Carol McGlogan, President and CEO, EFC, stands with Cara Backman, Franklin Empire Inc., Michael Gross, Wesco, and Rob MacPhersonABB, alongside Sarah MacDonald, policy advisor to the Minister of Innovation, Science and Economic Development Canada (ISED), the Honourable François-Philippe Champagne.

EFC’s Tom Mason emphasized that this two-day event was only the first step in the organization’s goals for contributing to policy discussions. The EFC delegation was asking that MPs and government officials consider EFC a key stakeholder, advisor, and subject matter expert with respect to what electrical and automation industries can contribute to climate action.

“Canada has a head start with over 80% of our electricity generated by non-emitting sources,” commented Fredrick Morency, Schneider Electric VP Sustainability, Strategic Initiatives & Innovation following the event, “We have the potential to be a global center of excellence for energy transition technologies and expertise. The electrical industry is ready to make it happen.”

Powering a Changing World
Catherine McKeown, Frederick Morency, MP Monique Pauzé, Nadia Teixeira, and Umesh Patel.

Powering a Changing World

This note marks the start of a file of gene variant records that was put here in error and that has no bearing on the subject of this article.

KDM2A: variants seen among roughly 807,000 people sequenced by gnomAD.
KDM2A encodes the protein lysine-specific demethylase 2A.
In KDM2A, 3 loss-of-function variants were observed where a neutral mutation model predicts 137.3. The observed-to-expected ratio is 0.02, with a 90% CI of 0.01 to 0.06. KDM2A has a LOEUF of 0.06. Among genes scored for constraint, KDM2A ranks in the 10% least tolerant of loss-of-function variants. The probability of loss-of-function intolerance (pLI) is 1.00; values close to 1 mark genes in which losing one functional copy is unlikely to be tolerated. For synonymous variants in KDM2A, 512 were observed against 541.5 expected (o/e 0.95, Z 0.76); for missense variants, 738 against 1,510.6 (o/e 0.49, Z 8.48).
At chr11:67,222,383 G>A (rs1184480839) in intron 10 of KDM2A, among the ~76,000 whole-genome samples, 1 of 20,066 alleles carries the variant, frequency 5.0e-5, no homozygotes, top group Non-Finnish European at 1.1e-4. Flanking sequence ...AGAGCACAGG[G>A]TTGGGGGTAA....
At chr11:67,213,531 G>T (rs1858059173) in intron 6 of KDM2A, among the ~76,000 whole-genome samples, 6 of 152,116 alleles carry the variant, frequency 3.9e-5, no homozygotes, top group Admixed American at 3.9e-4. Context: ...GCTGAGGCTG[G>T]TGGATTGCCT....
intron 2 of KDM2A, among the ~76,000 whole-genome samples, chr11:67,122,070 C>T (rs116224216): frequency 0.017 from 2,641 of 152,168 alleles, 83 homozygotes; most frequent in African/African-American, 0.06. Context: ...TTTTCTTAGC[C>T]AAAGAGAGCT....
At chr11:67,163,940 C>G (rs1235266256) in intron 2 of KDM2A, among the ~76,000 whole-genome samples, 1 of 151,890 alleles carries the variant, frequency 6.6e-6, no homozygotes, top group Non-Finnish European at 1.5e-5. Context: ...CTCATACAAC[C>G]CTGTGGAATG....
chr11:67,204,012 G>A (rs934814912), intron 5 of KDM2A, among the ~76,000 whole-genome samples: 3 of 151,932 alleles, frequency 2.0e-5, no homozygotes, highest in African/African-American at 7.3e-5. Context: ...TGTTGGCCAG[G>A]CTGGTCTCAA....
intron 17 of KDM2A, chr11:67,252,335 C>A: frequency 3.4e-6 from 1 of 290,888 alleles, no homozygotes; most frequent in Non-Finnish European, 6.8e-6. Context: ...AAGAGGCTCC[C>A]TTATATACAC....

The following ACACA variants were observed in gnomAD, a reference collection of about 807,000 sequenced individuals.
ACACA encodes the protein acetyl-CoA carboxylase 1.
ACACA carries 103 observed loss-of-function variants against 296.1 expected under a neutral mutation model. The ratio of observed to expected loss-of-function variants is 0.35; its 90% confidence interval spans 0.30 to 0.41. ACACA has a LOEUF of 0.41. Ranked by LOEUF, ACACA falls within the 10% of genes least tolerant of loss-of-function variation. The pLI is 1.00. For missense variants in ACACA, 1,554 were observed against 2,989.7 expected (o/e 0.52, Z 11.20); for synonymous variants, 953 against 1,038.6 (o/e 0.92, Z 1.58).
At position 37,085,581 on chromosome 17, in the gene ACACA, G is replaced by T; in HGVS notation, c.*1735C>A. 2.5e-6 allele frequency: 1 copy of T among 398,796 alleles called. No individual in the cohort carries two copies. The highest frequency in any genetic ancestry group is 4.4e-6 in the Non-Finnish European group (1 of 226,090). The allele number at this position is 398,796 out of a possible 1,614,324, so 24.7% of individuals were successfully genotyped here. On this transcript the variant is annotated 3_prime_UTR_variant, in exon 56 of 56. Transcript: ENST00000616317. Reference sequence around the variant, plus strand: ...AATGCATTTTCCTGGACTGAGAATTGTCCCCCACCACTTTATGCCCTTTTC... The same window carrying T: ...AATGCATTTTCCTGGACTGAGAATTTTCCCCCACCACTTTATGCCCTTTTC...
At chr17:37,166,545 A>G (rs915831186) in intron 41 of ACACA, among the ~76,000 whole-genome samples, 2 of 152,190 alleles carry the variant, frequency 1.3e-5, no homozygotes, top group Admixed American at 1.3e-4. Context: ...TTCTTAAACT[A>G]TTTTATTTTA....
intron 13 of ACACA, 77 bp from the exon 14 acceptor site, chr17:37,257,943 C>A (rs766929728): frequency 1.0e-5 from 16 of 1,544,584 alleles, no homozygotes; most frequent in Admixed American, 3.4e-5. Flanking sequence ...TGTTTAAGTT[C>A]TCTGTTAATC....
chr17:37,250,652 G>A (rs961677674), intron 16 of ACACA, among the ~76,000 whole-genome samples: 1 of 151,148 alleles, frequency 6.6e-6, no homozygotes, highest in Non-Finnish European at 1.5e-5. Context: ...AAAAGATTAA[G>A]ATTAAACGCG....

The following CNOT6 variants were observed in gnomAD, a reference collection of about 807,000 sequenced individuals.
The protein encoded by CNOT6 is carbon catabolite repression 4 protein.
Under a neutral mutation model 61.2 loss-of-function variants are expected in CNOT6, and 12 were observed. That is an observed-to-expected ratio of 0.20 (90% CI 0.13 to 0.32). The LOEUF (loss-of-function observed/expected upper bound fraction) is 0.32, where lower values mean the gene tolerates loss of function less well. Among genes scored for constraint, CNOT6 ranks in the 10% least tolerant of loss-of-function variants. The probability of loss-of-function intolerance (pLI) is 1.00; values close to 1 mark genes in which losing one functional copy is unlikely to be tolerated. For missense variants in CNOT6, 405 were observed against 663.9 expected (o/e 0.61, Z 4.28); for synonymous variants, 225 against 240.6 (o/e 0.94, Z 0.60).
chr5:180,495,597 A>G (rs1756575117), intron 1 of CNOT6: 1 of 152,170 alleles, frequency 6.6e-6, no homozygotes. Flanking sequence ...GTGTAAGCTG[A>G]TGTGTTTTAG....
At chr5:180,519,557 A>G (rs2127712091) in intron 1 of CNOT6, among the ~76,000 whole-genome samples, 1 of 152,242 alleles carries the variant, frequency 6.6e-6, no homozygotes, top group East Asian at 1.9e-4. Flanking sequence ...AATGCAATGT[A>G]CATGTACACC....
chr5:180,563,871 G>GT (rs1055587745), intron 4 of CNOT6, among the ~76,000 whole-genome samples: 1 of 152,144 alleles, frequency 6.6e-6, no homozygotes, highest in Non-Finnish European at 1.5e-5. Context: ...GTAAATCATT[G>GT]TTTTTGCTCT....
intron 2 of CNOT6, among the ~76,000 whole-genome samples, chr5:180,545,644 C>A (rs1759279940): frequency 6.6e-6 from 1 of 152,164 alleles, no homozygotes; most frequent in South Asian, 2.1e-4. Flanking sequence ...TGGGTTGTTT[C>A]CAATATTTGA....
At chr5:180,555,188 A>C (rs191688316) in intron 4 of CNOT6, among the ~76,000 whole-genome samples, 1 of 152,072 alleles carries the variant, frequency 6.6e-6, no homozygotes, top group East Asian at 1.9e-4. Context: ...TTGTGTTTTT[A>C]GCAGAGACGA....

A central aspect of the delegation was a report commissioned by EFC in collaboration with the Pembina Institute, a clean energy think tank to identify opportunities for the electrical and automation industries in facilitating Canada’s electrification and net-zero goals. There are several key areas that EFC spoke to as part of the delegation relating to the electrical grid, EV infrastructure, and buildings.

The electrical grid involves upgrading existing infrastructure while implementing renewable energy, storage, and distributed energy resources. Grid infrastructure will also need to be updated to optimize the performance of new technologies. Net-Zero involves mass deployment of electrical and automation devices. With respect to buildings, The Pembina Institute estimates that Canada will be required to increase implementation of deep retrofits and fuel-switching of building stock 4.5% annually up until 2040. With respect to EV adoption Canada needs to expand its charging network significantly.

In order to achieve these goals, multiple analyses of net zero pathways projects that $80 Billion per year of public and private funding will need to be invested in decarbonization. Currently, the investment is approximately $15B per year. Funding programs and tax credits that remove barriers to government funding will be critical, while also ensuring funds are distributed evenly.

With respect to electric vehicle adoption a key barrier is charging networks. The Pembina Institute finds that by 2050 we’ll need 830,000 charging stations for light-duty vehicles (LDV) by 2050, 40,000 public medium heavy-duty (MHDV) charging stations, and 337,000 Level 2 chargers and 87,000 Level 3 chargers for medium heavy-duty vehicles. Dunsky Energy Consultants estimate that the investment required for LDVs will be $20B over the next 3 decades, the Pembina institute estimates that MHDVs will require $500M by 2025 and $7-13B by 2050.